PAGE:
[Python-3000] Support for PEP 3131

Guillaume Proux gproux+py3000 at gmail.com
Sun May 13 05:50:30 CEST 2007

Dear Stargaming,

On 5/13/07, Stargaming <stargaming at gmail.com> wrote:
> Guillaume Proux schrieb:

I see that the language you are most comfortable with is German.
Compared with French (and even more with Japanese), I have a bias that
German people are very gifted in foreign languages and especially in

> While still separating them from ascii-countries. They would start
> writing programs that expose foreign-phrased APIs but we would deny
> using them because we couldn't even type a single word!

If I rephrase your sentence above to use the local (e.g. Japanese)
view: "People in ascii countries, are writing programs that expose
foreign phrased APIs but we are denied using them because we cannot
even read a single word"

The situation right now that each community in "non-ascii" countries
is rather small because they are denied writing ANY program at all.

 Acceptance of 3131 would enable the following things:
1)  new contributors (including the younger who is not necessarily
able to deal with English) will start programming (in python)
2)  some of them will want to join the international community
3)  more programs, both in local and international communities

> AFAIK, allowing non-ascii identifiers would still *not* translate
> python. They would still have to struggle with every part of python that
> is builtin, i.e. builtins (you could let non-ascii identifiers reference

You answer misses the point about ability for children to learn
programming early.
In France, my experience was that it is very important to let children
use their own native vocabulary. Let me tell you about two things we
did in France re. computer science teaching to young children around
the 1980s which had a great influence on me and other children of that
1) LOGO programming: we would be able to use the turtle using simple
words in French. That made a big impression on children. We would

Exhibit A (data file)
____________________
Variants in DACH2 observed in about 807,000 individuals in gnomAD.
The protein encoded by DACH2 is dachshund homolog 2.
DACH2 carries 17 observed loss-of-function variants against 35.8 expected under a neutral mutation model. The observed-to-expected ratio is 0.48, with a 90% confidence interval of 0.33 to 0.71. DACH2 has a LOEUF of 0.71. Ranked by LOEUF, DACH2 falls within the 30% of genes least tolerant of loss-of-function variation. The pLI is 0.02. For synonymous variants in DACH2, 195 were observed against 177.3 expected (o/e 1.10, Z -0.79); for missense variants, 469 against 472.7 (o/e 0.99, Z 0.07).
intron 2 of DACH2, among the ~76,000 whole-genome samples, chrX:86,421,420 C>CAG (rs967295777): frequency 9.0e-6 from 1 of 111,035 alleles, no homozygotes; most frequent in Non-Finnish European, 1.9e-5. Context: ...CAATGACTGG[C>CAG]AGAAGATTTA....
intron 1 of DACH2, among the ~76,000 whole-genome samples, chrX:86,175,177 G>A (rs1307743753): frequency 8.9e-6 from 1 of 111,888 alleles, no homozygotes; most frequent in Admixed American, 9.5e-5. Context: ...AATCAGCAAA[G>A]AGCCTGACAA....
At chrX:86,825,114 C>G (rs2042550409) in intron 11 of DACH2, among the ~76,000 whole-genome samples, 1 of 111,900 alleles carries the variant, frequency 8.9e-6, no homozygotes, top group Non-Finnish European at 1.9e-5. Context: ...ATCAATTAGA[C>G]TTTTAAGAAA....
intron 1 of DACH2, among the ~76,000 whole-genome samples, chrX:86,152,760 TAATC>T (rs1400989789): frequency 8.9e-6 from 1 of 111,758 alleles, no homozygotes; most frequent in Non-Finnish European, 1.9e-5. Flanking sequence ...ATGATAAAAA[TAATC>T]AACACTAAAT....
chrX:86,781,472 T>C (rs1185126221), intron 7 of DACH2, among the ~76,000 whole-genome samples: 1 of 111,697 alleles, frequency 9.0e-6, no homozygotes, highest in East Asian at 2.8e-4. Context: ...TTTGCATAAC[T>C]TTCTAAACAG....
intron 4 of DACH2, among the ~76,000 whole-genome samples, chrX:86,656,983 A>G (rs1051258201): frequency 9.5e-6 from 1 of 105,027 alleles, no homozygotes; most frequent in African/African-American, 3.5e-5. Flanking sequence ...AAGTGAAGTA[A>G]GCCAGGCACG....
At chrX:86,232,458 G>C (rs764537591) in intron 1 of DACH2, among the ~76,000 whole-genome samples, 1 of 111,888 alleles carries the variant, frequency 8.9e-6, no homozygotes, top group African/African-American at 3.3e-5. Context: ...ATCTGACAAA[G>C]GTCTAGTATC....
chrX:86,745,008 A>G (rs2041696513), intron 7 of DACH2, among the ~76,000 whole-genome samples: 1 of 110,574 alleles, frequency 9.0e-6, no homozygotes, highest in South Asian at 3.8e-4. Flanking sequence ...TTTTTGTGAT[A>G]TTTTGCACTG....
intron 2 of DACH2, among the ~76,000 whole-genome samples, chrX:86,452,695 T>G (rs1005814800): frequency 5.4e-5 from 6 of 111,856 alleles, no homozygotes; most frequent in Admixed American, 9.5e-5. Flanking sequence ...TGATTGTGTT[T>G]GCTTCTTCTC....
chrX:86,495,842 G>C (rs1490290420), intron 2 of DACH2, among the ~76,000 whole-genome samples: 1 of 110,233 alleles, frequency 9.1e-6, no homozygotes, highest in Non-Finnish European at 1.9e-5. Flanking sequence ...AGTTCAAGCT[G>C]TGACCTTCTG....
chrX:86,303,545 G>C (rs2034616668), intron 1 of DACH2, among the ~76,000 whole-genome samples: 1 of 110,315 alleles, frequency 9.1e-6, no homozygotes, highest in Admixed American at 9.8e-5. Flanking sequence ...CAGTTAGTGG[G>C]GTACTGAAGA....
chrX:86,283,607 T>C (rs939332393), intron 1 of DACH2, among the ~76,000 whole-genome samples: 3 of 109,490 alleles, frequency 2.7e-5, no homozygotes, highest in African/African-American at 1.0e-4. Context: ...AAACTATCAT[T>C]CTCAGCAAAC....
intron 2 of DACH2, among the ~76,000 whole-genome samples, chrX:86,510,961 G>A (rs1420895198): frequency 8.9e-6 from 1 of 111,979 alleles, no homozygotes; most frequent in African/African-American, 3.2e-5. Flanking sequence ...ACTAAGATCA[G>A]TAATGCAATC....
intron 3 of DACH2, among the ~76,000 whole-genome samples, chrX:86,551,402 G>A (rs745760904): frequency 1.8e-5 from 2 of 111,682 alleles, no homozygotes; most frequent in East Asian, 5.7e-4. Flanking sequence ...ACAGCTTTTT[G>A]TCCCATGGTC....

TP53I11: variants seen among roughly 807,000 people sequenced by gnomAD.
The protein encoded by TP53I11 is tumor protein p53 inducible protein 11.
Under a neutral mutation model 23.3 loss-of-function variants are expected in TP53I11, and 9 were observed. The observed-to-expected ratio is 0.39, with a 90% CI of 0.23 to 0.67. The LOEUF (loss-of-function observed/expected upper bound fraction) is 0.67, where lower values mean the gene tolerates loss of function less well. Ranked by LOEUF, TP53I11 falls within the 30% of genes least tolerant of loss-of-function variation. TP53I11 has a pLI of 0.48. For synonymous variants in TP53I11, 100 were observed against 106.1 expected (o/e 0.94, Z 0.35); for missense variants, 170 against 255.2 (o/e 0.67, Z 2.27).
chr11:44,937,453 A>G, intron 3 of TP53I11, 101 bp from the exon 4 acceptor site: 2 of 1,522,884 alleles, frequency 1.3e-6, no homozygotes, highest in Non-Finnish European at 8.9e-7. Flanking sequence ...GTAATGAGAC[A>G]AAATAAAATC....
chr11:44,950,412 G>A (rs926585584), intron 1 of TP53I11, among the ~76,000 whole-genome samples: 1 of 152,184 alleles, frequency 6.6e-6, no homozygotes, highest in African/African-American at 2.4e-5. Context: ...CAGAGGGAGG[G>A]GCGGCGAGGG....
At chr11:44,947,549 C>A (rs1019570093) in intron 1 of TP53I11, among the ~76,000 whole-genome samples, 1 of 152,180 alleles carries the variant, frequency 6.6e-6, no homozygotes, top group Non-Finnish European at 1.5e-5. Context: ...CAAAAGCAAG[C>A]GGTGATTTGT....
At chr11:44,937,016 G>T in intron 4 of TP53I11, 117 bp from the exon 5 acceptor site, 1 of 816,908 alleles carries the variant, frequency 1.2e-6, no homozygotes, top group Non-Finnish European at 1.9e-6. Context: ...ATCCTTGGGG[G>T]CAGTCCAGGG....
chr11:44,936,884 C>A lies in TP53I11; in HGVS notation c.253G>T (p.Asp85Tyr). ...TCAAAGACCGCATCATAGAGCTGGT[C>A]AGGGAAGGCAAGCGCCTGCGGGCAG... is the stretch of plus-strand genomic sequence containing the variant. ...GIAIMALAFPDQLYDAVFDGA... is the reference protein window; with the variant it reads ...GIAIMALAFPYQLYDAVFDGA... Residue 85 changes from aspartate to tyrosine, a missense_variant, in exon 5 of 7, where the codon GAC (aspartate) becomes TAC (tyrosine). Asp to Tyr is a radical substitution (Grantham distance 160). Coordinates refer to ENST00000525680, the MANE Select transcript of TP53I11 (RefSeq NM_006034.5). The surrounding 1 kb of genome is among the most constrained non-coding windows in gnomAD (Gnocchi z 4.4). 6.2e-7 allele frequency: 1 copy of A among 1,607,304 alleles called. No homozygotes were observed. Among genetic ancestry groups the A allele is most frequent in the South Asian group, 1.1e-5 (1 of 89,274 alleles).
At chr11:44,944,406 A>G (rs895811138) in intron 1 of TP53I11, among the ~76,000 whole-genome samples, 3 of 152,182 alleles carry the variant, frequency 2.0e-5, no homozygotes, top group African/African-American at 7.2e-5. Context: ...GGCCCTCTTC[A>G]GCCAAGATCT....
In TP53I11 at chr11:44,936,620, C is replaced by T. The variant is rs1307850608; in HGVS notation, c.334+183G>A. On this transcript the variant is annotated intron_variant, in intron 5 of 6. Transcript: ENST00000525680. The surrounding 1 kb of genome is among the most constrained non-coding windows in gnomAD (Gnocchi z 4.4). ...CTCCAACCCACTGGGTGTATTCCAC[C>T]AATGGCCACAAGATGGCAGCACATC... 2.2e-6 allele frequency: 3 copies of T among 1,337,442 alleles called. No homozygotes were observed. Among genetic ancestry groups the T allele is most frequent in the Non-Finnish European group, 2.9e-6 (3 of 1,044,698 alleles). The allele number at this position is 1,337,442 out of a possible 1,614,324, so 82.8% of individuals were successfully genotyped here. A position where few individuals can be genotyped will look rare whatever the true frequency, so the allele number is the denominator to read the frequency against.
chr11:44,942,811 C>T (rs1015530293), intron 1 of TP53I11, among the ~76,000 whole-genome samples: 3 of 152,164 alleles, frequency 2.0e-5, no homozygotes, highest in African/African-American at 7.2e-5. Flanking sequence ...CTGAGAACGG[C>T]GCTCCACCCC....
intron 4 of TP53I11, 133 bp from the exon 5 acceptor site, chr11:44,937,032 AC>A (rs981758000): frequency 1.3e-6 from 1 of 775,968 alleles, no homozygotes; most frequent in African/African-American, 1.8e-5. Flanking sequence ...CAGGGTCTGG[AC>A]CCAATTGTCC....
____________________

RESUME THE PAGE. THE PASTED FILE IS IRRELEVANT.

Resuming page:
spend hours playing with this. Now people just grab a Nintendo DS and
never approach computers with a "programming" approach at that age.
2) Robots: we had a robotic arm that came with a custom programming
interface (in French). It was very challenging to optimize your
programs to achieve a given task (take the ball and drop it in the
glass) in the minimum of time and steps.

Without the ability to do all that in French at the age of  8 or 9
years old, we would probably have not enjoyed that as much.

> As stated above, we could not use them though. Bad deal, if you ask me!

They can't use what we give them here. Who is loser in the deal right
now. Once again, we should not deny each language to create their own
package ecosystem. I believe really *good* packages will always end up
having an i18n-ized version.

> I don't get the improvement offered by this one. We should *allow*
> non-ascii identifiers to **require** wrappers?

You are always taking the wrong side of the equation. By allowing
non-ascii chars in the mix, standard APIs will be able to be offered
in each local languages, once again, for the local good.

> > - Increase the number of python users (from 7 to 77 years old)
> Works in English, too.

Do you know many Japanese/Chinese young children or elderly people
that are only speaker/reader/writer of their own language? Try to get